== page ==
Isolated CRG were incubated for 4–6 hours in wells containing either: (1) DM, (2) DM+ L-EGFR dsRNA, or (3) DM+L-AChBP dsRNA. In a subset of the CRG incubated in DM+L-EGFR dsRNA, LPeD1 neurons were injected with synthetic L-MEN1 mRNA or molecular grade water as described above. 2–3 hours post-injection, LPeD1 neurons were isolated and transplanted into host CRG, in which the native LPeD1s were previously ablated by pronase injection. Synapse formation was tested 48–72 hours later following transplantation via intracellular recordings.
The percentages of cells that expressed excitatory nAChRs, and the percentage of cell pairs that formed synapses were compared using Pearson's Chi-squared test. If a general effect was discovered with an omnibus Chi-squared test (P<0.05), individual treatments were compared to one another with post hoc Chi-squared tests to analyze significance. Synaptic strength between VD4-LPeD1 neurons formed in vitro was analyzed using an independent samples t-test. Synaptic strength between VD4-LPeD1 neurons formed in situ was compared using a univariate analysis of variance (ANOVA), with the culture treatment as the fixed factor and the mean excitatory postsynaptic potential (EPSP) amplitude as the dependent variable. Post hoc multiple comparisons were performed using Tukey's test. All of the above statistical analyses were performed using SPSS Statistics 21 for Windows. Calculations determining relative gene expression, normalized to the expression of the reference genes β-tubulin and 18 s rRNA, and significant differences (via pair wise fixed reallocation randomisation test) were determined using the relative expression software tool (REST) .
CM-derived NTFS and L-EGF are sufficient for the expression of excitatory nAChRs
We have previously shown that CM serves as an extrinsic source of NTFs required for the postsynaptic expression of excitatory nAChRs in Lymnaea neurons. In the absence of CM, the postsynaptic neuron LPeD1 expresses inhibitory nAChRs by ‘default’, and as a consequence, proper excitatory synapses do not form . The precise identity of the NTFs in CM that are responsible for inducing the expression of excitatory nAChRs however, has not been fully determined.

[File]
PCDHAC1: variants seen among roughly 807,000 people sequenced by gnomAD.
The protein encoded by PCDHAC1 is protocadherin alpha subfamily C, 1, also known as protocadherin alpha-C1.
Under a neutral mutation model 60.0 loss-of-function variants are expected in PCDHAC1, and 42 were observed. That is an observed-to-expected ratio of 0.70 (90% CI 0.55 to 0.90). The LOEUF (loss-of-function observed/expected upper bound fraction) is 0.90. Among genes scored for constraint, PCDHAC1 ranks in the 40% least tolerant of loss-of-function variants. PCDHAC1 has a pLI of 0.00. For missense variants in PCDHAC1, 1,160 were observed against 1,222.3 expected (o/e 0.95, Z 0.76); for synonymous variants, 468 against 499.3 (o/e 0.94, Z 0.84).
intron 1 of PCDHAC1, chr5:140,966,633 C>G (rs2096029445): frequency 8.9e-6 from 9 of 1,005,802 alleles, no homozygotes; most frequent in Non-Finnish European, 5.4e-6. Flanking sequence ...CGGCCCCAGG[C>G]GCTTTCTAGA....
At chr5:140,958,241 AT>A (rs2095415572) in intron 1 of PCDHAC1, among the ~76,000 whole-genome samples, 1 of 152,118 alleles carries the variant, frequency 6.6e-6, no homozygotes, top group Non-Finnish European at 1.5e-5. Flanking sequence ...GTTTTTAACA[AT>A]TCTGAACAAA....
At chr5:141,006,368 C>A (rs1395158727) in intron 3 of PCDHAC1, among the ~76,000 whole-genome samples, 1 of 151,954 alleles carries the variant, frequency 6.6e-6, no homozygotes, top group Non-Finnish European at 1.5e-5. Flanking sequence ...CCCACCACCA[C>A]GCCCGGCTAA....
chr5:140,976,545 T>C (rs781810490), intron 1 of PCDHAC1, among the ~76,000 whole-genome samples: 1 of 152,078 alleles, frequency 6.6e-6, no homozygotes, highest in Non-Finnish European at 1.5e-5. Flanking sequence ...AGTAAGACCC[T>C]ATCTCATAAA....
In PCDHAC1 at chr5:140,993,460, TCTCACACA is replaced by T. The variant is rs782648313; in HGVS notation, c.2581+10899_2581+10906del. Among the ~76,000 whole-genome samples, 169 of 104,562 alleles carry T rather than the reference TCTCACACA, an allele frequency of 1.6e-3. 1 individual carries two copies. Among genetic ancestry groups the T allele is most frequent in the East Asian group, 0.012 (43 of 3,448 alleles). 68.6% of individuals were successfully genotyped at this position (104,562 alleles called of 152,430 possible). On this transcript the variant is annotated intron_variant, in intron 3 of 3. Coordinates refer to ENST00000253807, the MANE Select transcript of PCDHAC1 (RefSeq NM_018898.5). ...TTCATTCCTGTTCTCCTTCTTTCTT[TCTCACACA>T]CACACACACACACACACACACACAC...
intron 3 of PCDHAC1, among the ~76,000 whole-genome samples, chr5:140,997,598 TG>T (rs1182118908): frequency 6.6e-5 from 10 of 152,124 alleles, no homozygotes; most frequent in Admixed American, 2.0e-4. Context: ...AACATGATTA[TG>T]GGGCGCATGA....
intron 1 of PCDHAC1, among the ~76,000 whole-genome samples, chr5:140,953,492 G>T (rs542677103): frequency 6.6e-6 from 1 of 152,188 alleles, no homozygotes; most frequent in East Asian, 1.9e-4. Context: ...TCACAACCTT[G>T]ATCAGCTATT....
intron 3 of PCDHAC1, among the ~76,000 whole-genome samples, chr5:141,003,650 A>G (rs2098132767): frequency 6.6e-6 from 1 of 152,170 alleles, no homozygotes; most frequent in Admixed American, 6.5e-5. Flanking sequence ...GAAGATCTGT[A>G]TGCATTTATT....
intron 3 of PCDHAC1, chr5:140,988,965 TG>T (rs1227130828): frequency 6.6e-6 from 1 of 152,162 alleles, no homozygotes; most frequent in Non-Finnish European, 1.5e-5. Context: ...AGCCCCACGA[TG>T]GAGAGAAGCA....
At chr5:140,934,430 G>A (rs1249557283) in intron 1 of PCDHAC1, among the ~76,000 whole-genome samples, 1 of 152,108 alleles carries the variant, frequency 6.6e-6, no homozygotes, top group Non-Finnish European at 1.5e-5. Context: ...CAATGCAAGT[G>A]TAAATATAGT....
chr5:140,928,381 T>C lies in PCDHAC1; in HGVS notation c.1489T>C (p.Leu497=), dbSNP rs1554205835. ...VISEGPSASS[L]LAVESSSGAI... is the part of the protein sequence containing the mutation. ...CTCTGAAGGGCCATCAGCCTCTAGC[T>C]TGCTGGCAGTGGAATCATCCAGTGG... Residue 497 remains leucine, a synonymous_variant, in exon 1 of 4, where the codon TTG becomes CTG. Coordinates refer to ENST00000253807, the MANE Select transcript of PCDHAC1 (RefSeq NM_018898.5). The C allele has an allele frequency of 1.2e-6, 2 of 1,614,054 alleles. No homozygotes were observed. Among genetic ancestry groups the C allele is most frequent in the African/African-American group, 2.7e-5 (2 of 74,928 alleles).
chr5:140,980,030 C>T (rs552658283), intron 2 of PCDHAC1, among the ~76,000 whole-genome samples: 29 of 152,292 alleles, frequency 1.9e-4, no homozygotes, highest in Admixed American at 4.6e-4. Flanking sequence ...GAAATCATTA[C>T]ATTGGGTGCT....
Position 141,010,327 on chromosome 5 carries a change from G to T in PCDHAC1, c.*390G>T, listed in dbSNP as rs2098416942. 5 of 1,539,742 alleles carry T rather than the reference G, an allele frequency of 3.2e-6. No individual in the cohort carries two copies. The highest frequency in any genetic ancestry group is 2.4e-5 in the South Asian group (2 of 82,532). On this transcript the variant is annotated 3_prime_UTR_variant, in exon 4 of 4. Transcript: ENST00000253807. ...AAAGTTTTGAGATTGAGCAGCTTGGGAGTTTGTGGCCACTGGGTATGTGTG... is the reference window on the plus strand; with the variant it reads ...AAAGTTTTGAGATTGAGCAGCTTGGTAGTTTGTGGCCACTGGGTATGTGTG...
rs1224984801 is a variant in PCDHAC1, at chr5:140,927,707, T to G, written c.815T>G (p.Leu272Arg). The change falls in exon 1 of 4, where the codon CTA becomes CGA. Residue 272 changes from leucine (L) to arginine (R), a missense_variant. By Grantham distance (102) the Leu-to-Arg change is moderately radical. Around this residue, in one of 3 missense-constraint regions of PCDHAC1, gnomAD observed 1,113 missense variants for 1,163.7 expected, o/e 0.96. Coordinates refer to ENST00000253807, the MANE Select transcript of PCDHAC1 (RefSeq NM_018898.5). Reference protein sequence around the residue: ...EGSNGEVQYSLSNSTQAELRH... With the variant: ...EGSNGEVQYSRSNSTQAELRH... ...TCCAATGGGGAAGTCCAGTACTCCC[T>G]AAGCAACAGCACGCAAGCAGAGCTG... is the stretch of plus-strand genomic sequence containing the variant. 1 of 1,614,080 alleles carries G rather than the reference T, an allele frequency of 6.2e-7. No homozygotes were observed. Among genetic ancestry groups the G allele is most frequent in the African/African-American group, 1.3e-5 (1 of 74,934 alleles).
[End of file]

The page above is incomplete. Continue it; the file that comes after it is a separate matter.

In 2000, Hermann et al. identified and cloned Lymnaea EGF (L-EGF) from Lymnaea albumen glands, the first EGF homologue to be discovered in an invertebrate with neurotrophic actions . While the source of L-EGF in the CNS is currently unknown, it is secreted rather than membrane-bound, and could act at long distances as a circulating hormone produced in the albumen gland. It has however, been shown to be highly expressed in juvenile CRG at a time when circuits are developing, so it may also be produced locally in the CNS during synaptogenesis . In 2008, we demonstrated that L-EGF signals through an ErbB-type receptor, the Lymnaea EGFR (L-EGFR). This receptor, which has also been cloned, is required for excitatory synapse formation between VD4 and LPeD1 ; however it is unknown whether these effects involve pre- or postsynaptic sites. We thus opted to use single cells to investigate our hypothesis that L-EGF is sufficient to induce the expression of excitatory nAChRs in postsynaptic LPeD1 neurons.
To test the above hypothesis, we plated single LPeD1 neurons in CM, DM, or DM+L-EGF (400 ng/ml) overnight, for 16–18 hours. The next day, we recorded intracellularly from these neurons, while pressure-applying (“puffing”) ACh (10−6 M) onto their cell bodies (Fig. 1 c). In CM, 82% of the neurons expressed excitatory nAChRs (as normally seen in vivo) (n = 33; Fig. 1 a). On the other hand, none of the cells plated in the absence of NTFs (DM) expressed excitatory receptors (n = 9; Fig. 1 b). Excitatory nAChRs were however expressed in 100% of cases, when DM was supplemented with L-EGF (n = 5; Fig. 1 bi). We thus confirm that CM is required for the expression of appropriate, excitatory nAChRs (χ2 (1) = 20.618, P<0.001), and further demonstrate that L-EGF is sufficient to induce the expression of excitatory receptors in the absence of CM (χ2 (1) = 14.000, P<0.001) (Fig. 1 d). Although L-EGF functionally mimics the effects of CM (χ2 (1) = 1.080, P = 0.299), we opted to use CM for the rest of our experiments, as we feel that it best represents the in vivo condition by providing a full complement of NTFs that would be present in intact CRG.